By David Catron
The Obama administration attempts to bully the Court with a brazen lie about Medicare.
Last month, having watched in frustration as his Solicitor General got his clock cleaned during the Supreme Court's Obamacare hearings, the President made matters worse by publicly braying about how "unprecedented" it would be for an "unelected group of people" to overturn a law passed by a "strong majority" in Congress. This idiotic assertion provoked a tsunami of scorn from constitutional experts of all stripes, and angered the judges of the Fifth Circuit Court of Appeals so much that they humiliated the lawyers of the Justice Department by giving them a homework assignment on judicial review. If, however, you thought that embarrassing episode was enough to stop the Obama administration from trying to bully the Court, you were mistaken.
In a new attempt to influence the justices as they deliberate over the ultimate fate of Obamacare, the White House has told them that striking down the "reform" law would wreck the Medicare program: "Medicare's payment system… could freeze if President Barack Obama's health care law is summarily overturned, the administration quietly informed the courts." This bizarre claim is, according to former CMS administrator Thomas A. Scully, nonsense: "If you look at the way the law was financed, it was a combination of higher taxes and lower Medicare payments. That's what you would be rolling back." In other words, by striking down the law, the Court would forestall $500 billion in Medicare cuts called for by Obamacare as well as deep slashes in Medicare Advantage.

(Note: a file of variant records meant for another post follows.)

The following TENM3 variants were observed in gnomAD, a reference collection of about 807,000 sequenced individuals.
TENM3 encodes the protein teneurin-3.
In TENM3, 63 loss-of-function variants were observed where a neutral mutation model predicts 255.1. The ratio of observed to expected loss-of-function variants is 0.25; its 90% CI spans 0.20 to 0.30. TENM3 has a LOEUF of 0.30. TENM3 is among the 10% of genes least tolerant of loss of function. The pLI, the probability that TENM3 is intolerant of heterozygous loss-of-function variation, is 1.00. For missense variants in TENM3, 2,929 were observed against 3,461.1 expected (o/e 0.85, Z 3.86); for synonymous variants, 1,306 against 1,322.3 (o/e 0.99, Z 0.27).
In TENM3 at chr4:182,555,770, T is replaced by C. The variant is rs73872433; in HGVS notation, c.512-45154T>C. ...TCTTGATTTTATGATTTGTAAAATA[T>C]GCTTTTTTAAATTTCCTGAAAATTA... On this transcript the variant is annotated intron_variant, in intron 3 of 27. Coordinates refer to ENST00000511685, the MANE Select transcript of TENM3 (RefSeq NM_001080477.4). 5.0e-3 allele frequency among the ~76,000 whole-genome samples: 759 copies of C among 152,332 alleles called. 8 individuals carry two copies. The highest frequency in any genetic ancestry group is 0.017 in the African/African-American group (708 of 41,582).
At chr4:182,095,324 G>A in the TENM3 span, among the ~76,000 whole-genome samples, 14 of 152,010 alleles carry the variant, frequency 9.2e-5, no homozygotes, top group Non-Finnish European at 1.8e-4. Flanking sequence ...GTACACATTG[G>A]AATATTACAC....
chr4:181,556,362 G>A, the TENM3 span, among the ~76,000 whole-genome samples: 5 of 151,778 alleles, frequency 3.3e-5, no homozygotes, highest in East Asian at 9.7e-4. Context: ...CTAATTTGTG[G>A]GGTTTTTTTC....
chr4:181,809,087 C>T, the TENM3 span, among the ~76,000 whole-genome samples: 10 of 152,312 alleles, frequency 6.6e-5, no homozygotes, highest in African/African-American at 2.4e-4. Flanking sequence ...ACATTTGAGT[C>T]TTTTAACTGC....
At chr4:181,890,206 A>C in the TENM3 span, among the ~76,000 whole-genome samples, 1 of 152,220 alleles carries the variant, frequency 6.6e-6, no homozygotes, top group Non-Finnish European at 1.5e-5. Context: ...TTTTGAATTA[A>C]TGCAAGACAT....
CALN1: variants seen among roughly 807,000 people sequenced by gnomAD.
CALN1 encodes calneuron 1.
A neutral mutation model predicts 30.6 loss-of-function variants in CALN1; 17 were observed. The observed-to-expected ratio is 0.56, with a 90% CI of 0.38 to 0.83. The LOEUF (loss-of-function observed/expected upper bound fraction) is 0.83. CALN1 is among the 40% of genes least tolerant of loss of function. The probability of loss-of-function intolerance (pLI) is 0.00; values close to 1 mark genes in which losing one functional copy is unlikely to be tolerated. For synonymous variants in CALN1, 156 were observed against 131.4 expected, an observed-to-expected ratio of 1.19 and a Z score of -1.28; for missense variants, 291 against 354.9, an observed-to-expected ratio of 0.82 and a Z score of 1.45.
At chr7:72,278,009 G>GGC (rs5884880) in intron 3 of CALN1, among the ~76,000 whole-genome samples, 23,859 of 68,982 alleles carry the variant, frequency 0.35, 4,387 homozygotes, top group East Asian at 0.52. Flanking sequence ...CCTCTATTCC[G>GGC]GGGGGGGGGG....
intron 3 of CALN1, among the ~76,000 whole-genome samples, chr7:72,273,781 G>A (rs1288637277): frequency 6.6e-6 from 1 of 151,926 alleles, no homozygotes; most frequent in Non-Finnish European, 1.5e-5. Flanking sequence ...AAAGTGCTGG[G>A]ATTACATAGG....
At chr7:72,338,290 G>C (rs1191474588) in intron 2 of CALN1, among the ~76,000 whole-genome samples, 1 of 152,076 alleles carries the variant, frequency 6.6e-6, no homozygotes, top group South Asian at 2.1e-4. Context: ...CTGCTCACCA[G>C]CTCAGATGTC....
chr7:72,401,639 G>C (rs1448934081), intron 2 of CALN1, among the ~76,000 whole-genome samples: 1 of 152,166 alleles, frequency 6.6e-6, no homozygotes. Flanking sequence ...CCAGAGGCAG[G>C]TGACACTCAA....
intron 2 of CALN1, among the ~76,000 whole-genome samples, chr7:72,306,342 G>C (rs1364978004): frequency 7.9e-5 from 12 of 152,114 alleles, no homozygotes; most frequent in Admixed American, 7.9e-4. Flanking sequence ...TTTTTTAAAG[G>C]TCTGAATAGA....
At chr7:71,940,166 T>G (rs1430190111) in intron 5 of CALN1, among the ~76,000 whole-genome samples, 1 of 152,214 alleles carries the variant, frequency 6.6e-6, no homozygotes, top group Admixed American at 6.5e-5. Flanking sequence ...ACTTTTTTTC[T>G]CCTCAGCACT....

The claim that Medicare payments might stop if the Court ignores the administration's intimidation tactics is much like a threat the President made during the 2011 battle over the debt ceiling. At that time, Obama averred that Social Security checks might not be mailed if the GOP refused to roll over: "I cannot guarantee that those checks will go out … there may simply not be the money in the coffers to do it." That was a lie, of course, as is the threat that Medicare payments might halt. But that hasn't stopped Donald Berwick, the recess-appointed CMS head who resigned when he became an election year embarrassment for Obama, from repeating the whopper: "Medicare cannot turn on a dime… I would not be surprised if there are delays and problems with payment flow."